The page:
Timeline of events in Tunisia that could lead to a revolution.
The Bardo Treaty is signed, where Tunisia becomes a French protectorate.
The Neo-Destour Party is formed by Habib Bourguiba.
A series of conventions and protocols are signed by Tunisian premier minister Tahar ibn Ammar and French premier minister Edgar Faure. These gave Tunisia a high degree of self-rule.
More independence is given to Tunisia with a new protocol signed in Paris. With this protocol the Bardo Treaty of 1881 is abrogated, and Tunisia is consequently an independent nation.
National legislative elections, which gave the Neo-Destour Party a decisive victory.
Bourguiba is elected president of the first Tunisian National Assembly.
Bourguiba is elected premier minister.
There are several clashes between French and Tunisian troops along the Tunisian-Algerian border. French troops are accused of crossing into Tunisia.
Tunisia becomes a republic, as the National Assembly deposes the bey. Habib Bourguiba becomes the new republic's first president.
Elections where Bourguiba is elected president, without any opposing candidates. The Neo-Destour Party wins all seats in the parliament. Few in the national opposition and in the outside world regarded these elections to have been fair and free.
After that Tunisia has demanded that France leave their naval base at Bizerte, their troops siege the base. France responded, and fights broke out. Within 2 days 1,300 Tunisians are killed.
About 3,000 km² of foreign owned lands are expropriated by the National Assembly. This mainly affected French families, and France responded by stopping all financial assistance to Tunisia. Tunisian politics shift more in a socialist direction. This is reflected in the name change of the Neo-Destour Party into Destour Socialist Party.
Bourguiba is appointed president for life by the National Assembly.
In a coup Bourguiba is removed as president, and replaced by his fresh prime minister Zine el Abidine Ben Ali.
Presidential elections, where President Ben Ali has allowed contesting candidates to run. According to the official figures, Ben Ali receives 99.44% of the votes, the two others sharing the remainder between them. Same-day parliamentary elections give the ruling RDC 91.6% of the votes and all contested seats. Of a total 182 seats, the opposition receives by law 34 seats. MDS gets 13 seats, UDU 7, PUP 7, MR-Ettajdid 5 and Parti social libéral 2.
An agreement with the European Union brings Tunisia into a close cooperation with Europe in economy and security.
Changes in the constitution allows a president to stay in power until the age of 75 (70 before) and be reelected unlimited times (3 times before, Ben Ali had at this time been reelected the three times).
Ben Ali is reelected president, receiving 94.5% of the votes. Mohamed Bouchiha gets 3.8%, Mohamed Ali Halouani 1%.
Islamist militants and security forces clash in Tunis (12 killed)
Ben Ali wins fifth term with 90 percent of the vote, rejects cries of fraud and threatens to prosecute critics.
Mohamed Bouazizi sets fire to himself in the central town of Sidi Bouzid in protest at the confiscation by police of his vegetable cart. Local people rally in support. Bouazizi later dies of his burns. Huge funeral increases momentum of protests against unemployment and repression.
After days of clashes in which dozens of people are killed, and having made empty promises of reforms and elections, Ben Ali flees to Saudi Arabia. Prime Minister Mohamed Ghannouchi stays on, with parliamentary speaker Fouad Mebazza as interim president.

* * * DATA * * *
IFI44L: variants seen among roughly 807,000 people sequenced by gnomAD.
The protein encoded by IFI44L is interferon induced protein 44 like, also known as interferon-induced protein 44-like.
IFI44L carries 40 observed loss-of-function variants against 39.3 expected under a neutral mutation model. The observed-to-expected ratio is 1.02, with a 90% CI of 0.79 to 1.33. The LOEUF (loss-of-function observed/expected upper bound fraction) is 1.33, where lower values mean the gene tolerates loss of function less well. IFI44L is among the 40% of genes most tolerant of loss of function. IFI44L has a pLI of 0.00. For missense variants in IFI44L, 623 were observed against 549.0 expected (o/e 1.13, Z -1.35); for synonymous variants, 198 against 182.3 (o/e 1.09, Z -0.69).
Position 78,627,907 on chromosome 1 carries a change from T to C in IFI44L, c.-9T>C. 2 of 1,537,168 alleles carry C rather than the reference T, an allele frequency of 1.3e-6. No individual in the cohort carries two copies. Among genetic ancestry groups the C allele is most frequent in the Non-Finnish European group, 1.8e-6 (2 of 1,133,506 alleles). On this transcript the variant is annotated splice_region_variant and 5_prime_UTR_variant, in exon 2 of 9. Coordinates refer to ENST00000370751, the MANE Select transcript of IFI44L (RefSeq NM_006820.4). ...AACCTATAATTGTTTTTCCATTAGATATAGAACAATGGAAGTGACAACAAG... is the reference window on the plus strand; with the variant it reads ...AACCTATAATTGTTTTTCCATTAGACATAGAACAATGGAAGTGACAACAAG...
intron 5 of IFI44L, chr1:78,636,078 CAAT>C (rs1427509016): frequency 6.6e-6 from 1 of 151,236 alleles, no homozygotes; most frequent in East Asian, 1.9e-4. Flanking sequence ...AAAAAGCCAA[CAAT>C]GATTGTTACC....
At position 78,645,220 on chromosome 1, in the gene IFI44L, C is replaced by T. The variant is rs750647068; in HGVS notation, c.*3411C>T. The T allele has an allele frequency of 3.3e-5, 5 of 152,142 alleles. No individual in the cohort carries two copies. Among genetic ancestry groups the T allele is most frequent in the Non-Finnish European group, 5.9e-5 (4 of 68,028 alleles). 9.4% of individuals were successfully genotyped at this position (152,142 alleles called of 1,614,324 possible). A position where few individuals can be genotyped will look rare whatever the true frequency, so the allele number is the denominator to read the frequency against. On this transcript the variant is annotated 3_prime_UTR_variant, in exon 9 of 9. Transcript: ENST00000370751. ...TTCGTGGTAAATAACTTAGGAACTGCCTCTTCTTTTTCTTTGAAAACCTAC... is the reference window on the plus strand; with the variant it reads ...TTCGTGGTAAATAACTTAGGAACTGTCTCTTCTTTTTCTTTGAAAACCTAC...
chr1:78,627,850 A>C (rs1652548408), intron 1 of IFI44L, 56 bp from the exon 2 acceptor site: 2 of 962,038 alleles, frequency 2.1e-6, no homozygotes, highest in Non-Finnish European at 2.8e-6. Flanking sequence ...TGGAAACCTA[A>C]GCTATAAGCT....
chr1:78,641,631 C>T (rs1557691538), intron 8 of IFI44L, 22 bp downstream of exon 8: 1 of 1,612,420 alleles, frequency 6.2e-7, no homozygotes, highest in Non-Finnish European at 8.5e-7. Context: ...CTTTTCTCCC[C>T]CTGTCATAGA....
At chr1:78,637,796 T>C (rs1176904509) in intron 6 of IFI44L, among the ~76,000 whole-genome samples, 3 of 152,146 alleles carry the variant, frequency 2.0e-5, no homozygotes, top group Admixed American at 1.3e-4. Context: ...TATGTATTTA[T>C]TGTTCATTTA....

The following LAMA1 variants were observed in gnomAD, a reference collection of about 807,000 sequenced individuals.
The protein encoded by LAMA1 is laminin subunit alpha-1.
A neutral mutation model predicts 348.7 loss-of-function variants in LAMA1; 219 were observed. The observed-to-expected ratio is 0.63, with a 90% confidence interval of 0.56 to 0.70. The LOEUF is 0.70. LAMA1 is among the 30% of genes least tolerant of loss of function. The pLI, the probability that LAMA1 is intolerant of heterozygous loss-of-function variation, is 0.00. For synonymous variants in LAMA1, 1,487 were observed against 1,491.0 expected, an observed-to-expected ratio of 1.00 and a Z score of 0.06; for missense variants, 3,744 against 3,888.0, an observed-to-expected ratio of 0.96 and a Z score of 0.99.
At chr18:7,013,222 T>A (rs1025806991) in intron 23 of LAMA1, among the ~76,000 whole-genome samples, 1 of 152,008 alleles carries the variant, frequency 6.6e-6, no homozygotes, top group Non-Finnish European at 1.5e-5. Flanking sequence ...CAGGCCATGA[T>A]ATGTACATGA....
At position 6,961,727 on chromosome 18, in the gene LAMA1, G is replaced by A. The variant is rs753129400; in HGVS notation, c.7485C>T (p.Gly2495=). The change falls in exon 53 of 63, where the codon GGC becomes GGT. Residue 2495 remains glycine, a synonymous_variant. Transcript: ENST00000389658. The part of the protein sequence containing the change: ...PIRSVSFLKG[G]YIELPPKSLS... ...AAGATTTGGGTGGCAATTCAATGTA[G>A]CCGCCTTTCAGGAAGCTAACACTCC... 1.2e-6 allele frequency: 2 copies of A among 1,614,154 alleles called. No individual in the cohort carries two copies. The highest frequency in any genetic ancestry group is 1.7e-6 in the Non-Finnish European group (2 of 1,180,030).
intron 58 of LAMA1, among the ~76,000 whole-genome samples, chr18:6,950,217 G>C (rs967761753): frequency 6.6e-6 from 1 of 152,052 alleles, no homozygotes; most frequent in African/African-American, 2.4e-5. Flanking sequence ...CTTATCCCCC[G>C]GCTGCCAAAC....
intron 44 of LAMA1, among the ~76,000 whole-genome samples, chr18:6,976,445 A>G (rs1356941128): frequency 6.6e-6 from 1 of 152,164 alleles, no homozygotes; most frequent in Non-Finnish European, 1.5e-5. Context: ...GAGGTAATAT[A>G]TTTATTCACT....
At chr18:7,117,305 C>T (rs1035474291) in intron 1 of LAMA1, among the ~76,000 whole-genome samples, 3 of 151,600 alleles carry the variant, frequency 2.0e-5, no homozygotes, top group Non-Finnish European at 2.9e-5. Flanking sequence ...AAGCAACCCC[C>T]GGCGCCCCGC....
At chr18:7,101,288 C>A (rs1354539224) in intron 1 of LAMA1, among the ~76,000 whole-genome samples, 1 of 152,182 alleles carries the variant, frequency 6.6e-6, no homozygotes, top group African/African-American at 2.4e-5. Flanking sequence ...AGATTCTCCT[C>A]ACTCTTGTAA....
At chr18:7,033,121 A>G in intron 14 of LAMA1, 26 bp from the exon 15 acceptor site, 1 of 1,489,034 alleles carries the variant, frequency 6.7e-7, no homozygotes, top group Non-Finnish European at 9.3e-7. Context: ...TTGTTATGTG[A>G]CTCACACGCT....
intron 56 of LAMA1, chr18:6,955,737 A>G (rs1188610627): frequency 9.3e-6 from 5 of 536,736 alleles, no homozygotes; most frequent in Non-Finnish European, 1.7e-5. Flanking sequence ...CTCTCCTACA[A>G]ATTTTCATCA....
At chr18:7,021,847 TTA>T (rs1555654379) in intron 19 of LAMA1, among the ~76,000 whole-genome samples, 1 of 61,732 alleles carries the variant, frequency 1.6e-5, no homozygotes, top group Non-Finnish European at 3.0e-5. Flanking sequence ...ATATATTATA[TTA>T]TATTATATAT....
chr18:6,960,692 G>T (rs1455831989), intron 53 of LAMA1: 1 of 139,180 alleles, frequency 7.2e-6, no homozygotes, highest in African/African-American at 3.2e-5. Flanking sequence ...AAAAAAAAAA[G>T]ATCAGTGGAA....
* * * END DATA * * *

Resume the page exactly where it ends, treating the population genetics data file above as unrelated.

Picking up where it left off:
Some opposition figures quit cabinet, demanding removal of former Ben Ali loyalists. Protesters denounce ''sham''.
Protesters again demand Ghannouchi and other Ben Ali proteges go. Policemen, once the bulwark of Ben Ali's rule, demonstrate in Tunis, saying they too were victims.
Ghannouchi resigns after violent protests over his ties to Ben Ali, triggering street celebrations in Tunis. He is replaced by Beji Caid Sebsi, a former foreign minister under 1960s independence President Habib Bourguiba.
Sebsi unveils a new cabinet of technocrats rather than career politicians, none of whom had served in governments under Ben Ali. The Interior Ministry says Ben Ali's political police and state security apparatus has been dissolved.
A Tunisian court sentences Ben Ali and his wife Leila Trabelsi, in absentia to 35 years in prison for theft and illegal possession of large sums of cash. In July a court adds a 16-year jail term for Ben Ali and his son-in-law for corruption.
Tunisia votes in the first election of the Arab Spring, choosing from among 80 political parties to form an assembly charged with drafting a constitution within a year.
Members of the constitutional assembly vote to elect former dissident Moncef Marzouki as president, the second most powerful role after the prime minister. Hamadi Jebeli, secretary general of the moderate Islamist Ennahda party, is designated as prime minister.
Hundreds of Salafi Islamists attack bars and shops and clash with security forces in Jendouba, raising religious-secularist tensions. In June, the government lifts a curfew imposed following riots by Salafis and others over an art exhibition they deemed insulting to Islam.
Navi Pillay, U.N. High Commissioner for Human Rights, says Tunisian authorities must stop using firearms against demonstrators after more than 220 people are reported injured in clashes between protesters demanding jobs and police in Siliana, on the edge of the Sahara Desert.
Opposition secularist politician Chokri Belaid is shot dead, sparking huge street protests. Prime Minister Jebali calls the killing a political assassination and a strike against the "Arab Spring" revolution.